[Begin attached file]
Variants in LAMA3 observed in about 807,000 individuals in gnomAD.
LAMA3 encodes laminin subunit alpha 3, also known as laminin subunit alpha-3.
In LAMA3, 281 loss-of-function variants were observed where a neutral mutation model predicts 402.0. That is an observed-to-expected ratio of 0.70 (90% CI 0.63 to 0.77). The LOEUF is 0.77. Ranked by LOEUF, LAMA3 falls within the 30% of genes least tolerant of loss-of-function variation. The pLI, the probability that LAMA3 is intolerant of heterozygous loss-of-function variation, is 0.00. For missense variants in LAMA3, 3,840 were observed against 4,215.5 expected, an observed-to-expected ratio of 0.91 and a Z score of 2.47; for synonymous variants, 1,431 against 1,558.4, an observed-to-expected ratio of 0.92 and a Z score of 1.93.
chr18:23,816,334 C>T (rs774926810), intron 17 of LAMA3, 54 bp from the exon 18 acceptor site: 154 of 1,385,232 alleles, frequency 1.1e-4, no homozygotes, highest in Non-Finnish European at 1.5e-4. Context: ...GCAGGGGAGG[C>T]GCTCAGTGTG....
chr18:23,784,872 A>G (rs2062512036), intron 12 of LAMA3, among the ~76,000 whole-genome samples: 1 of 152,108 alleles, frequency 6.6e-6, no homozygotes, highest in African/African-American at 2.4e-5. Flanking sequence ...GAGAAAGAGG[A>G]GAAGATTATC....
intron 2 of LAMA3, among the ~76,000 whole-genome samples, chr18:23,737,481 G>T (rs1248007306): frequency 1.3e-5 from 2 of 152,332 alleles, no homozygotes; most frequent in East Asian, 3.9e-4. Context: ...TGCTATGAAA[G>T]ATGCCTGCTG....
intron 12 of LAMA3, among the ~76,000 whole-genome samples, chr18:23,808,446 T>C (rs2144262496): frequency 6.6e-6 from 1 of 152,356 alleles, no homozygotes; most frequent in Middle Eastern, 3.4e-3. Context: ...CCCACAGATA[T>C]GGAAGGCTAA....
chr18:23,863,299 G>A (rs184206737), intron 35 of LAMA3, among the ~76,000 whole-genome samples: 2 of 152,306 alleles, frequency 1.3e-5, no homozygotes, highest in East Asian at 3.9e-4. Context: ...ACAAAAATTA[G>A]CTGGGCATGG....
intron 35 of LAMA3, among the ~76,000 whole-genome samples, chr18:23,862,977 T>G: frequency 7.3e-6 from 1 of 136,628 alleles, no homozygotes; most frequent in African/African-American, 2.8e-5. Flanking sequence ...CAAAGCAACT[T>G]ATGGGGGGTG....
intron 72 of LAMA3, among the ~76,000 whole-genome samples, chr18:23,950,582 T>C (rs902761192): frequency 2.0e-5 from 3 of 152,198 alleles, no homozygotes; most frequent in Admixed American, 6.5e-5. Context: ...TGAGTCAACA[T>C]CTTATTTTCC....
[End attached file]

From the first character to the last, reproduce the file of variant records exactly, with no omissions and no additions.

Variants in LAMA3 observed in about 807,000 individuals in gnomAD.
LAMA3 encodes laminin subunit alpha 3, also known as laminin subunit alpha-3.
In LAMA3, 281 loss-of-function variants were observed where a neutral mutation model predicts 402.0. That is an observed-to-expected ratio of 0.70 (90% CI 0.63 to 0.77). The LOEUF is 0.77. Ranked by LOEUF, LAMA3 falls within the 30% of genes least tolerant of loss-of-function variation. The pLI, the probability that LAMA3 is intolerant of heterozygous loss-of-function variation, is 0.00. For missense variants in LAMA3, 3,840 were observed against 4,215.5 expected, an observed-to-expected ratio of 0.91 and a Z score of 2.47; for synonymous variants, 1,431 against 1,558.4, an observed-to-expected ratio of 0.92 and a Z score of 1.93.
chr18:23,816,334 C>T (rs774926810), intron 17 of LAMA3, 54 bp from the exon 18 acceptor site: 154 of 1,385,232 alleles, frequency 1.1e-4, no homozygotes, highest in Non-Finnish European at 1.5e-4. Context: ...GCAGGGGAGG[C>T]GCTCAGTGTG....
chr18:23,784,872 A>G (rs2062512036), intron 12 of LAMA3, among the ~76,000 whole-genome samples: 1 of 152,108 alleles, frequency 6.6e-6, no homozygotes, highest in African/African-American at 2.4e-5. Flanking sequence ...GAGAAAGAGG[A>G]GAAGATTATC....
intron 2 of LAMA3, among the ~76,000 whole-genome samples, chr18:23,737,481 G>T (rs1248007306): frequency 1.3e-5 from 2 of 152,332 alleles, no homozygotes; most frequent in East Asian, 3.9e-4. Context: ...TGCTATGAAA[G>T]ATGCCTGCTG....
intron 12 of LAMA3, among the ~76,000 whole-genome samples, chr18:23,808,446 T>C (rs2144262496): frequency 6.6e-6 from 1 of 152,356 alleles, no homozygotes; most frequent in Middle Eastern, 3.4e-3. Context: ...CCCACAGATA[T>C]GGAAGGCTAA....
chr18:23,863,299 G>A (rs184206737), intron 35 of LAMA3, among the ~76,000 whole-genome samples: 2 of 152,306 alleles, frequency 1.3e-5, no homozygotes, highest in East Asian at 3.9e-4. Context: ...ACAAAAATTA[G>A]CTGGGCATGG....
intron 35 of LAMA3, among the ~76,000 whole-genome samples, chr18:23,862,977 T>G: frequency 7.3e-6 from 1 of 136,628 alleles, no homozygotes; most frequent in African/African-American, 2.8e-5. Flanking sequence ...CAAAGCAACT[T>G]ATGGGGGGTG....
intron 72 of LAMA3, among the ~76,000 whole-genome samples, chr18:23,950,582 T>C (rs902761192): frequency 2.0e-5 from 3 of 152,198 alleles, no homozygotes; most frequent in Admixed American, 6.5e-5. Context: ...TGAGTCAACA[T>C]CTTATTTTCC....